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Anthony J. Walters v. Director: Al Bosher


September 9, 2011


The opinion of the court was delivered by: Kugler, District Judge



1. On March 22, 2010, Plaintiff, a prisoner, submitted to the Clerk for filing a civil Complaint and affidavit seeking to proceed in forma pauperis.

2. By Order entered April 1, 2010, this Court denied his application to proceed in forma pauperis without prejudice. The application to proceed in forma pauperis was incomplete because Plaintiff did not submit to the Clerk a certified copy of the trust fund account statement (or institutional equivalent) for the six month period immediately preceding the filing of the complaint, obtained from the appropriate official of each prison at which the prisoner is or was confined, as required by 28 U.S.C. § 1915(a)(2). The Order informed Plaintiff that, if he submitted the required account statement within 30 days, then the Court would reopen the file and entertain the renewed application. The Order warned Plaintiff that, if this Court granted permission to file the complaint in forma pauperis, then the Court is required to assess the $350.00 filing fee against the prisoner and collect the fee by directing the agency having custody of the prisoner to deduct installment payments from the prisoner's prison account equal to 20% of the preceding month's income credited to the account for each month that the balance of the account exceeds $10.00. See 28 U.S.C. § 1915(b).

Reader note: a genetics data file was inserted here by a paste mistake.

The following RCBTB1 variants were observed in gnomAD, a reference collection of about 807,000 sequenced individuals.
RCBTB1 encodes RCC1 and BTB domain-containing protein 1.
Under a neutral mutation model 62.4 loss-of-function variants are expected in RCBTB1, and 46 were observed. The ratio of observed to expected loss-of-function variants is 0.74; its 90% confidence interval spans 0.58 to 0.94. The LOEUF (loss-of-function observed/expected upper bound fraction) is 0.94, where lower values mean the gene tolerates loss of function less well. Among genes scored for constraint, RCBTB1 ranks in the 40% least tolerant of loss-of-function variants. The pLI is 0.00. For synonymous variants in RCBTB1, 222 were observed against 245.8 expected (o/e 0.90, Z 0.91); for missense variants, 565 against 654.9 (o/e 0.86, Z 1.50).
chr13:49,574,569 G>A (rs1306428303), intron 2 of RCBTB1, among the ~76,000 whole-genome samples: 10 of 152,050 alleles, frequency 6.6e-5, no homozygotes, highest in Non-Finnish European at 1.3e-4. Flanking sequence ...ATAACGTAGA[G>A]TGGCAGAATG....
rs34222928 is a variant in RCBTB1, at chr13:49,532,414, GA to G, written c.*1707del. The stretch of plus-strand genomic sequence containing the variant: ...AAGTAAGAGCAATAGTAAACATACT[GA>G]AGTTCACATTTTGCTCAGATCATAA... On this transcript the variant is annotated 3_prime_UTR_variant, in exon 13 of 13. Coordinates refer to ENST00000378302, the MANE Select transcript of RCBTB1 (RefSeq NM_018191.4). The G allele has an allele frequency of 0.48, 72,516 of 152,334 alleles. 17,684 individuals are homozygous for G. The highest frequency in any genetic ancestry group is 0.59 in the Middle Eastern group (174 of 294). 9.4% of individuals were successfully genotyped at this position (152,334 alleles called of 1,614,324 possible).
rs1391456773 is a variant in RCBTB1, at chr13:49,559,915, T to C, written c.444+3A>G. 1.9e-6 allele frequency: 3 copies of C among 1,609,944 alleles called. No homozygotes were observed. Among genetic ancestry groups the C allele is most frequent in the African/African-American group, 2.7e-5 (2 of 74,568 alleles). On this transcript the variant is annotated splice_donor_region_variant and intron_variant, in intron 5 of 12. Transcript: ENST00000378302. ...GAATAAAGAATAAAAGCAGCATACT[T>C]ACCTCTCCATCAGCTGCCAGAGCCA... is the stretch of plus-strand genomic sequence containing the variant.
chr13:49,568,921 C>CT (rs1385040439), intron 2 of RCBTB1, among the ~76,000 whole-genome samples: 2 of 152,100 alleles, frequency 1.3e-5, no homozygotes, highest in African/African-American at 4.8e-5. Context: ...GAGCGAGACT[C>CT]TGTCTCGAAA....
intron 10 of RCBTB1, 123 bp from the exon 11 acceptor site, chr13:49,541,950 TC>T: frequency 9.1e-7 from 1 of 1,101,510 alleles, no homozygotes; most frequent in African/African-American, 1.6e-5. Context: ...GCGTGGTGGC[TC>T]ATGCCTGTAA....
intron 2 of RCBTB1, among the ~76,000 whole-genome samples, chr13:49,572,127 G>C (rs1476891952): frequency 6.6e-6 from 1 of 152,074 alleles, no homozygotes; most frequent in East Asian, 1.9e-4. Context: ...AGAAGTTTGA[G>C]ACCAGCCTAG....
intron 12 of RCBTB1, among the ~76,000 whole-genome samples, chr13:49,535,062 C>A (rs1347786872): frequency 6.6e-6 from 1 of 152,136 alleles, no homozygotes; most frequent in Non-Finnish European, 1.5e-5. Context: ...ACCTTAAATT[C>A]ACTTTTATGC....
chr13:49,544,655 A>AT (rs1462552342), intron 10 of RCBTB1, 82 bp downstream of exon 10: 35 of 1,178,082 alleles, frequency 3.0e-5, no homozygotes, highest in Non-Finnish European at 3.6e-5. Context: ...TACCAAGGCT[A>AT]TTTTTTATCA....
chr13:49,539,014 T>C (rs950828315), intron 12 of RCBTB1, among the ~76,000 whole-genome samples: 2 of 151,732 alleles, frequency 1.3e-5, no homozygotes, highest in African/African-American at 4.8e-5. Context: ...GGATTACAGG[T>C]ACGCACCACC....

3. Plaintiff thereafter timely submitted his prison account statement.

4. By Order entered January 26, 2011, this Court granted the application to proceed in forma pauperis, directed the New Jersey Department of Corrections to deduct the filing fee in monthly installments from Plaintiff's prison trust account until the $350.00 fee was paid. The Order also dismissed the Complaint for failure to state a claim upon which relief may be granted pursuant to 28 U.S.C. § 1915(e)(2)(B).

5. On August 29, 2011, Plaintiff filed a motion asking this Court to release him from the burden of paying the filing fee, which creates a hardship and violates the Eighth Amendment of the United States Constitution. (Dkt. 11.) Plaintiff asserts that, as a result of this and other deductions from his prison trust account, he "cannot afford the basic necessities such, as, buying toothpaste, personal hygiene products, because of all the outstanding fines enforced upon him []while incarcerated." (Dkt. 11 at 2.)

6. The Prison Litigation Reform Act ("PLRA") provides: